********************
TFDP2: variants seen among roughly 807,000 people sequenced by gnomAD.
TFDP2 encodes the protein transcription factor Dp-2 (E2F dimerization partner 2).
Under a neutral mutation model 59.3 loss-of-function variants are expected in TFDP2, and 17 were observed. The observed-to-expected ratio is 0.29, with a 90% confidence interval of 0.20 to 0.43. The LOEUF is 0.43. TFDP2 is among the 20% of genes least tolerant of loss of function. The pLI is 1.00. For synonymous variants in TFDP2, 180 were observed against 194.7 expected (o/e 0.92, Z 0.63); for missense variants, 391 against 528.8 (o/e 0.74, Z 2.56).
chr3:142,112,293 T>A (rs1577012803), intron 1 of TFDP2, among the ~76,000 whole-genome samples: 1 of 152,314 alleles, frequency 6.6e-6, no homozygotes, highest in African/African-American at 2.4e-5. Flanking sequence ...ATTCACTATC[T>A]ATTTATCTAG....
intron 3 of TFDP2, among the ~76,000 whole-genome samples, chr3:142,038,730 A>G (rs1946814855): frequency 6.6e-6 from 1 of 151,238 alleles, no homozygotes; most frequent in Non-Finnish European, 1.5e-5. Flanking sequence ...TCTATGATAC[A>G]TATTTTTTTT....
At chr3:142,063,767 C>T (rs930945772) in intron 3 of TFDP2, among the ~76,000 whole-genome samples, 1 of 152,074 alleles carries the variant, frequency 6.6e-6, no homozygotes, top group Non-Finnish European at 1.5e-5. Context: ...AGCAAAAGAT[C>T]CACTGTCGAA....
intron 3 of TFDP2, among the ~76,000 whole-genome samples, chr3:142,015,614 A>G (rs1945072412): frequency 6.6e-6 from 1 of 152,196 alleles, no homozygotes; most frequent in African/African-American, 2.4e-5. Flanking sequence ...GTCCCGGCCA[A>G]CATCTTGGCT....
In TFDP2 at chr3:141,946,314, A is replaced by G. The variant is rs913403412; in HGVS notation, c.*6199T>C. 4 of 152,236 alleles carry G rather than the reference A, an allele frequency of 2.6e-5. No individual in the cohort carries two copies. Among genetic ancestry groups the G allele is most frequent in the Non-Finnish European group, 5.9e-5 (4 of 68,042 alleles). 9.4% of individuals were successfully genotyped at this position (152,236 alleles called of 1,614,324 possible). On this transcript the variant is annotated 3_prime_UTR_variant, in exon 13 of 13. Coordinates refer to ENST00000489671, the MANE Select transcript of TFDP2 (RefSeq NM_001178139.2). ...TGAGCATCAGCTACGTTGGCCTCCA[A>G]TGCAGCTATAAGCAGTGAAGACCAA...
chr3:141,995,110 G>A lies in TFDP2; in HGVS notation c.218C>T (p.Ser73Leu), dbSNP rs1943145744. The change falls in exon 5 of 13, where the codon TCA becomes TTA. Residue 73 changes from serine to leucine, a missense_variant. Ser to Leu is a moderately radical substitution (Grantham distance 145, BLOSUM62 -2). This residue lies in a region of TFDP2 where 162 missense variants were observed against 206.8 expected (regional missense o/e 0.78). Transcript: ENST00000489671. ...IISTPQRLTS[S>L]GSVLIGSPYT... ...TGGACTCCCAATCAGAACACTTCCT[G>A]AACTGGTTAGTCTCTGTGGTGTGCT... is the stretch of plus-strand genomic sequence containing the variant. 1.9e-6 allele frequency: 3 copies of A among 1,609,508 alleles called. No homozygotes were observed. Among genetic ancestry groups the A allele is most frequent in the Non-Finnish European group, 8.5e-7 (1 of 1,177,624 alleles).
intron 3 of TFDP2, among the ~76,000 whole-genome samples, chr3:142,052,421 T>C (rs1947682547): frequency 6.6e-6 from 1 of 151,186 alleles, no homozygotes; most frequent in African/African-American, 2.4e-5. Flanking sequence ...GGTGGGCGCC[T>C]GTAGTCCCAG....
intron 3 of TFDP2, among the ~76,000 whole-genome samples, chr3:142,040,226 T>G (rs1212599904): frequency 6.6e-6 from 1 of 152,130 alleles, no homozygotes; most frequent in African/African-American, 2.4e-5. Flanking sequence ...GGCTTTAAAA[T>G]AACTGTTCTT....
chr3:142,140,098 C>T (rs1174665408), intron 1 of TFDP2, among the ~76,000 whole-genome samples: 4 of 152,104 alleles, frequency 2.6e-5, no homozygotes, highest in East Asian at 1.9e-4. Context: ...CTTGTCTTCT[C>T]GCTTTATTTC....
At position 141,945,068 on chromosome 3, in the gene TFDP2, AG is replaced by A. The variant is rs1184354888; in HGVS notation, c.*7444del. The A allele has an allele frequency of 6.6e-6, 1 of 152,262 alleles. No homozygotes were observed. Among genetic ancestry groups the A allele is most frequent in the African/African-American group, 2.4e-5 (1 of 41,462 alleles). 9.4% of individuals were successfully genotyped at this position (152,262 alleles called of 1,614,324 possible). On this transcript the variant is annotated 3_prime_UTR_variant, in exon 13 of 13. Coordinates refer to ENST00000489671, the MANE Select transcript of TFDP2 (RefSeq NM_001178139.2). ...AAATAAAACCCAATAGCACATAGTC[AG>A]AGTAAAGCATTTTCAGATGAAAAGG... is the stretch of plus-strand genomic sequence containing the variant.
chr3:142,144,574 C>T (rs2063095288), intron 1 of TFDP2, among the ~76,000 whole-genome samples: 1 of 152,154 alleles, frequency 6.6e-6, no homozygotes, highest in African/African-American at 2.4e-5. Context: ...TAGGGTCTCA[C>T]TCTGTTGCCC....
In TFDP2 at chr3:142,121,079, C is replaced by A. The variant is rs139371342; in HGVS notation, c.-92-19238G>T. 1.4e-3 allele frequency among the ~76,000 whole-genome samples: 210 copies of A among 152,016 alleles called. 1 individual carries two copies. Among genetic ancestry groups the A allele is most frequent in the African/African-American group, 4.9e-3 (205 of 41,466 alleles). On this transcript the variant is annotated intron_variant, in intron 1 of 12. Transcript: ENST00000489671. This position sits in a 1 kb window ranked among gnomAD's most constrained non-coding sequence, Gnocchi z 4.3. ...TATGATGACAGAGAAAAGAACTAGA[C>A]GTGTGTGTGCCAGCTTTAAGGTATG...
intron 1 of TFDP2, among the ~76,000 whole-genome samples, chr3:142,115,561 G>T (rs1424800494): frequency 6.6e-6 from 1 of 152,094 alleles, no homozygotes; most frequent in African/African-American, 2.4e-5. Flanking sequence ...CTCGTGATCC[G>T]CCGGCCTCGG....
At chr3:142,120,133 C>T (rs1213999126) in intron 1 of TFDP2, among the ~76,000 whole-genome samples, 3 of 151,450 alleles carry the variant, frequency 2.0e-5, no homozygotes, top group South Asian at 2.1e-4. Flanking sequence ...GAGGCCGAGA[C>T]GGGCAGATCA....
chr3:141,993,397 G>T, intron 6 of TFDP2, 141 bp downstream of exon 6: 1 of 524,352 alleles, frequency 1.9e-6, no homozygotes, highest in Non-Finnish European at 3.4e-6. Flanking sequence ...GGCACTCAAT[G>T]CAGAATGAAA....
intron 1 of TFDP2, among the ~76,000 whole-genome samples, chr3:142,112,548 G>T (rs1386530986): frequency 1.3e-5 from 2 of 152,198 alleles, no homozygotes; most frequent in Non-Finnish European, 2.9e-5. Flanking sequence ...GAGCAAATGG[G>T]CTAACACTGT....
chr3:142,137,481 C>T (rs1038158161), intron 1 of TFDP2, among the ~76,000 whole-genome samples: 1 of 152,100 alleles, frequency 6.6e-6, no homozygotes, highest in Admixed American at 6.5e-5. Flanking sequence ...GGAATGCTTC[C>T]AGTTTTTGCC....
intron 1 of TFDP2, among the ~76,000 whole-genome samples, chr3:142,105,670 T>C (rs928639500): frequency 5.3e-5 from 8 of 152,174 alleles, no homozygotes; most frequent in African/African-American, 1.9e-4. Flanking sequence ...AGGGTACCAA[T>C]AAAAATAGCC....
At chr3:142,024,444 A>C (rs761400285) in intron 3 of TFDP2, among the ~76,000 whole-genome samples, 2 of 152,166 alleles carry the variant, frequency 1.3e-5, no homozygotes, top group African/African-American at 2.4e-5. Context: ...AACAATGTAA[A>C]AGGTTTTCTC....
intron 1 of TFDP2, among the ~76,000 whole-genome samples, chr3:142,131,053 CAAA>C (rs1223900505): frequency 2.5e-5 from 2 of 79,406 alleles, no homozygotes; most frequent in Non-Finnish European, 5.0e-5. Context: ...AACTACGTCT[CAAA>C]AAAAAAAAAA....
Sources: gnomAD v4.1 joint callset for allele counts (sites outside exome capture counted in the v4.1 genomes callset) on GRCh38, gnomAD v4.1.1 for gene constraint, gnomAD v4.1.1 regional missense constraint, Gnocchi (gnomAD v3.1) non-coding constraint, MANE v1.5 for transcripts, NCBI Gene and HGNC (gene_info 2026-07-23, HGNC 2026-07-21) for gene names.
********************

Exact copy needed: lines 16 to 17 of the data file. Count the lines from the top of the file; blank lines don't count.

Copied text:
intron 1 of TFDP2, among the ~76,000 whole-genome samples, chr3:142,115,561 G>T (rs1424800494): frequency 6.6e-6 from 1 of 152,094 alleles, no homozygotes; most frequent in African/African-American, 2.4e-5. Flanking sequence ...CTCGTGATCC[G>T]CCGGCCTCGG....
At chr3:142,120,133 C>T (rs1213999126) in intron 1 of TFDP2, among the ~76,000 whole-genome samples, 3 of 151,450 alleles carry the variant, frequency 2.0e-5, no homozygotes, top group South Asian at 2.1e-4. Flanking sequence ...GAGGCCGAGA[C>T]GGGCAGATCA....